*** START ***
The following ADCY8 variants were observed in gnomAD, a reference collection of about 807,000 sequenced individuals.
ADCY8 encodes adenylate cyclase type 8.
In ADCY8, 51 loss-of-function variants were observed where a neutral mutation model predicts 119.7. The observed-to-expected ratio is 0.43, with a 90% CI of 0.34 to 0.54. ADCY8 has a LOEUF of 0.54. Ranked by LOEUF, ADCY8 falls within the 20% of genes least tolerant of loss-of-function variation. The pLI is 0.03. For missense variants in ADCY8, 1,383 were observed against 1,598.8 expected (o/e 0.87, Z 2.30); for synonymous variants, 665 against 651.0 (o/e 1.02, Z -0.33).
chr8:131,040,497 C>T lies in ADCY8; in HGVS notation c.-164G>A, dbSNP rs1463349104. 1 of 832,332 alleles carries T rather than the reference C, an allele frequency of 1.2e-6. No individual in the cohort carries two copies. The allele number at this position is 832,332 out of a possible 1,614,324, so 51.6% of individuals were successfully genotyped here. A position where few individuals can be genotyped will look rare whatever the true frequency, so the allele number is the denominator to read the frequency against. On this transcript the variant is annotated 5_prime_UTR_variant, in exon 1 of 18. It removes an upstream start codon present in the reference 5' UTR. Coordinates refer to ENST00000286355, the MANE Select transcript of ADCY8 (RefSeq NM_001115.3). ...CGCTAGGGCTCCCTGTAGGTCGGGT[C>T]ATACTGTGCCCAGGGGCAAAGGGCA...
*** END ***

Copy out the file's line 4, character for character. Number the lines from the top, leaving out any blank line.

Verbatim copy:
chr8:131,040,497 C>T lies in ADCY8; in HGVS notation c.-164G>A, dbSNP rs1463349104. 1 of 832,332 alleles carries T rather than the reference C, an allele frequency of 1.2e-6. No individual in the cohort carries two copies. The allele number at this position is 832,332 out of a possible 1,614,324, so 51.6% of individuals were successfully genotyped here. A position where few individuals can be genotyped will look rare whatever the true frequency, so the allele number is the denominator to read the frequency against. On this transcript the variant is annotated 5_prime_UTR_variant, in exon 1 of 18. It removes an upstream start codon present in the reference 5' UTR. Coordinates refer to ENST00000286355, the MANE Select transcript of ADCY8 (RefSeq NM_001115.3). ...CGCTAGGGCTCCCTGTAGGTCGGGT[C>T]ATACTGTGCCCAGGGGCAAAGGGCA...